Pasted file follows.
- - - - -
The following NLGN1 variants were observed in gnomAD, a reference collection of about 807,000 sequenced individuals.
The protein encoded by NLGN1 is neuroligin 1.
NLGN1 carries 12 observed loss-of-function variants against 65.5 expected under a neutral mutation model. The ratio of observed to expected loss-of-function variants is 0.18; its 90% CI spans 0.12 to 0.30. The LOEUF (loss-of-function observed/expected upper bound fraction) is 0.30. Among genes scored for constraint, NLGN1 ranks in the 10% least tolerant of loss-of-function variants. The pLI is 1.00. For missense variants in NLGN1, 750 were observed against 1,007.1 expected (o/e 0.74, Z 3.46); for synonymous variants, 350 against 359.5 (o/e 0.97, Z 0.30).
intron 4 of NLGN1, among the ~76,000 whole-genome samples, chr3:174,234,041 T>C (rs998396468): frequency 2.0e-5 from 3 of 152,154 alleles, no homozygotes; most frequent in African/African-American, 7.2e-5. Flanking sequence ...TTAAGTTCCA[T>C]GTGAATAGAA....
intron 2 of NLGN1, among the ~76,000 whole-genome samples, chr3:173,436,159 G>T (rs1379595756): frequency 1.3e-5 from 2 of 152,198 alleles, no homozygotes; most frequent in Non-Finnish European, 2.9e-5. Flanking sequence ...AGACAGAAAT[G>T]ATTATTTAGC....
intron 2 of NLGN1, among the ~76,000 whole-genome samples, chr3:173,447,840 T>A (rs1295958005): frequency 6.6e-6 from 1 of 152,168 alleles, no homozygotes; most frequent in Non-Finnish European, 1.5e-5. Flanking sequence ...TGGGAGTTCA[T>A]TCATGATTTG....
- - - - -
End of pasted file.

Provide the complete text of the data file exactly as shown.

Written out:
The following NLGN1 variants were observed in gnomAD, a reference collection of about 807,000 sequenced individuals.
The protein encoded by NLGN1 is neuroligin 1.
NLGN1 carries 12 observed loss-of-function variants against 65.5 expected under a neutral mutation model. The ratio of observed to expected loss-of-function variants is 0.18; its 90% CI spans 0.12 to 0.30. The LOEUF (loss-of-function observed/expected upper bound fraction) is 0.30. Among genes scored for constraint, NLGN1 ranks in the 10% least tolerant of loss-of-function variants. The pLI is 1.00. For missense variants in NLGN1, 750 were observed against 1,007.1 expected (o/e 0.74, Z 3.46); for synonymous variants, 350 against 359.5 (o/e 0.97, Z 0.30).
intron 4 of NLGN1, among the ~76,000 whole-genome samples, chr3:174,234,041 T>C (rs998396468): frequency 2.0e-5 from 3 of 152,154 alleles, no homozygotes; most frequent in African/African-American, 7.2e-5. Flanking sequence ...TTAAGTTCCA[T>C]GTGAATAGAA....
intron 2 of NLGN1, among the ~76,000 whole-genome samples, chr3:173,436,159 G>T (rs1379595756): frequency 1.3e-5 from 2 of 152,198 alleles, no homozygotes; most frequent in Non-Finnish European, 2.9e-5. Flanking sequence ...AGACAGAAAT[G>T]ATTATTTAGC....
intron 2 of NLGN1, among the ~76,000 whole-genome samples, chr3:173,447,840 T>A (rs1295958005): frequency 6.6e-6 from 1 of 152,168 alleles, no homozygotes; most frequent in Non-Finnish European, 1.5e-5. Flanking sequence ...TGGGAGTTCA[T>A]TCATGATTTG....